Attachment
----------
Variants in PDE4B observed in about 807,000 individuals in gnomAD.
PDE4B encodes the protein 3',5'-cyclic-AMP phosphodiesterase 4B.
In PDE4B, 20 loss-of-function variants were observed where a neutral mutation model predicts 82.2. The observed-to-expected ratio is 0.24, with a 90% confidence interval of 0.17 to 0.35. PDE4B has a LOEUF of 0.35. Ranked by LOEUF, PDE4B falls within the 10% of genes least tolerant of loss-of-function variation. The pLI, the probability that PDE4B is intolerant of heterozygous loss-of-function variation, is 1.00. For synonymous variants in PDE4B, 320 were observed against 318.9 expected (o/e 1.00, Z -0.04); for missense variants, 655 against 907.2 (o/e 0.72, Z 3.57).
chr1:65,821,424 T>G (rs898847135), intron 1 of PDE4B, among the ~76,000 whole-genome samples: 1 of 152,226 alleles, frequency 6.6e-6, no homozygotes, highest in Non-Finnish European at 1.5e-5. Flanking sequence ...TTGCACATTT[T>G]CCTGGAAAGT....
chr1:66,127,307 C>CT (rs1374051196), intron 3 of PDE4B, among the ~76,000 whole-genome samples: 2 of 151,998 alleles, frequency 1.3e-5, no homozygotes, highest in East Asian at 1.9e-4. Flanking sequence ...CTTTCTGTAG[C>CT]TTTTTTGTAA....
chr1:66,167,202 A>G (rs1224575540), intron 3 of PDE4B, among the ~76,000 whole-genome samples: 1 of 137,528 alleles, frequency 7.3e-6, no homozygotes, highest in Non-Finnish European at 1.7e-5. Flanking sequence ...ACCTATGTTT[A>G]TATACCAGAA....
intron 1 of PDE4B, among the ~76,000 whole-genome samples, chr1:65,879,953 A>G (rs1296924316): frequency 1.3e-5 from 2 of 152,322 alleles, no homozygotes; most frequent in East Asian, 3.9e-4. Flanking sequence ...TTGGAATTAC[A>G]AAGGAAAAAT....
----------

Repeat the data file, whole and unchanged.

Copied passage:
Variants in PDE4B observed in about 807,000 individuals in gnomAD.
PDE4B encodes the protein 3',5'-cyclic-AMP phosphodiesterase 4B.
In PDE4B, 20 loss-of-function variants were observed where a neutral mutation model predicts 82.2. The observed-to-expected ratio is 0.24, with a 90% confidence interval of 0.17 to 0.35. PDE4B has a LOEUF of 0.35. Ranked by LOEUF, PDE4B falls within the 10% of genes least tolerant of loss-of-function variation. The pLI, the probability that PDE4B is intolerant of heterozygous loss-of-function variation, is 1.00. For synonymous variants in PDE4B, 320 were observed against 318.9 expected (o/e 1.00, Z -0.04); for missense variants, 655 against 907.2 (o/e 0.72, Z 3.57).
chr1:65,821,424 T>G (rs898847135), intron 1 of PDE4B, among the ~76,000 whole-genome samples: 1 of 152,226 alleles, frequency 6.6e-6, no homozygotes, highest in Non-Finnish European at 1.5e-5. Flanking sequence ...TTGCACATTT[T>G]CCTGGAAAGT....
chr1:66,127,307 C>CT (rs1374051196), intron 3 of PDE4B, among the ~76,000 whole-genome samples: 2 of 151,998 alleles, frequency 1.3e-5, no homozygotes, highest in East Asian at 1.9e-4. Flanking sequence ...CTTTCTGTAG[C>CT]TTTTTTGTAA....
chr1:66,167,202 A>G (rs1224575540), intron 3 of PDE4B, among the ~76,000 whole-genome samples: 1 of 137,528 alleles, frequency 7.3e-6, no homozygotes, highest in Non-Finnish European at 1.7e-5. Flanking sequence ...ACCTATGTTT[A>G]TATACCAGAA....
intron 1 of PDE4B, among the ~76,000 whole-genome samples, chr1:65,879,953 A>G (rs1296924316): frequency 1.3e-5 from 2 of 152,322 alleles, no homozygotes; most frequent in East Asian, 3.9e-4. Flanking sequence ...TTGGAATTAC[A>G]AAGGAAAAAT....